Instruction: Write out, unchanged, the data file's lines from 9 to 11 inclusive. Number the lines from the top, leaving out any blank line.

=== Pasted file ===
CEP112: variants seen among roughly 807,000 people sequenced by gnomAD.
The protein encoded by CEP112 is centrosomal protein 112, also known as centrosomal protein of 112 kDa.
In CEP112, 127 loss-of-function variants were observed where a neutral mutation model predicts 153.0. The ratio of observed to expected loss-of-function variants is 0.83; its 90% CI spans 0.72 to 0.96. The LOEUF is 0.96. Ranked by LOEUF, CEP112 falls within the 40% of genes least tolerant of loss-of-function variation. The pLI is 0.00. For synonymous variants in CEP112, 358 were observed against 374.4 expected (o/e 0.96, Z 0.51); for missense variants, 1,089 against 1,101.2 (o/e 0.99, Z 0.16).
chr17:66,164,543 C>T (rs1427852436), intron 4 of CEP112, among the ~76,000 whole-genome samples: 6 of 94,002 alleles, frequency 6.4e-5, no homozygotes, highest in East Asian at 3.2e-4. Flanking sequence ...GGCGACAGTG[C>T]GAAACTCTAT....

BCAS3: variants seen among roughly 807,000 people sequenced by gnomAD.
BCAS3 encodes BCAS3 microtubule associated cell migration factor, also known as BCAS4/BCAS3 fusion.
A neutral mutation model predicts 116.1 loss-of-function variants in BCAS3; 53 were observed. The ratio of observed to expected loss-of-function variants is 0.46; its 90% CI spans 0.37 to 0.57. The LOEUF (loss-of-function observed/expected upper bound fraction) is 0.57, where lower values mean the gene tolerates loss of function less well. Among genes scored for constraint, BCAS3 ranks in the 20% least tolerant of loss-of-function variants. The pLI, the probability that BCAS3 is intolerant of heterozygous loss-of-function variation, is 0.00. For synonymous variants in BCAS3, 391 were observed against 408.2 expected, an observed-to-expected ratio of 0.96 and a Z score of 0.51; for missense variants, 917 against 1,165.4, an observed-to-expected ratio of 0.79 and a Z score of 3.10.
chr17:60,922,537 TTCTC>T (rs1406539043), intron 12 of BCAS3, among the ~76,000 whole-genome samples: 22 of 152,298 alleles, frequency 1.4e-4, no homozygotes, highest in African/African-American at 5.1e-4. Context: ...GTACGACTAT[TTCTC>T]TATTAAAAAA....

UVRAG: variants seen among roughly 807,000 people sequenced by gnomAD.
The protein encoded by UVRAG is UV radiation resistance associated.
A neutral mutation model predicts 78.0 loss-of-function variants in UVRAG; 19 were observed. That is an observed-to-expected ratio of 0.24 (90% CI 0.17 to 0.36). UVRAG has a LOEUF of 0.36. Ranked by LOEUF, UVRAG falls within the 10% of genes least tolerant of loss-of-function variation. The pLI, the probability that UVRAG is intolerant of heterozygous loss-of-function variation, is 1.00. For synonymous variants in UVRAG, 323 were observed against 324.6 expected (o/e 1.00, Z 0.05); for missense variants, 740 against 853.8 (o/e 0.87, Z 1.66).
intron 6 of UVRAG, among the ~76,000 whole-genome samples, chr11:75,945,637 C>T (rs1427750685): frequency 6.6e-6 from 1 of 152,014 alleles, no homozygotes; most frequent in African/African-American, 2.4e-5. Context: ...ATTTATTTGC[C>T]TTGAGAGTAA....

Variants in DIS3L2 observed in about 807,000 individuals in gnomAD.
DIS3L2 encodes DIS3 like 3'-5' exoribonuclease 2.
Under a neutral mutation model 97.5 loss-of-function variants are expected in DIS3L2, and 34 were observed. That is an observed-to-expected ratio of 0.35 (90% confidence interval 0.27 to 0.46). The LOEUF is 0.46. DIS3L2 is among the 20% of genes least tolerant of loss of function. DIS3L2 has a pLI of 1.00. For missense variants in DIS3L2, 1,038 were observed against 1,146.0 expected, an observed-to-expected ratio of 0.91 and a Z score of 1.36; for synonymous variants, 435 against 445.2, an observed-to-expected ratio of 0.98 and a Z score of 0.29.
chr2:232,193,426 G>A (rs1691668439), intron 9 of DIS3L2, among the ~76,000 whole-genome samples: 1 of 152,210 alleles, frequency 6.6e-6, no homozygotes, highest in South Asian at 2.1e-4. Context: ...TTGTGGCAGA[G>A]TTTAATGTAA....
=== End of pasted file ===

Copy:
UVRAG: variants seen among roughly 807,000 people sequenced by gnomAD.
The protein encoded by UVRAG is UV radiation resistance associated.
A neutral mutation model predicts 78.0 loss-of-function variants in UVRAG; 19 were observed. That is an observed-to-expected ratio of 0.24 (90% CI 0.17 to 0.36). UVRAG has a LOEUF of 0.36. Ranked by LOEUF, UVRAG falls within the 10% of genes least tolerant of loss-of-function variation. The pLI, the probability that UVRAG is intolerant of heterozygous loss-of-function variation, is 1.00. For synonymous variants in UVRAG, 323 were observed against 324.6 expected (o/e 1.00, Z 0.05); for missense variants, 740 against 853.8 (o/e 0.87, Z 1.66).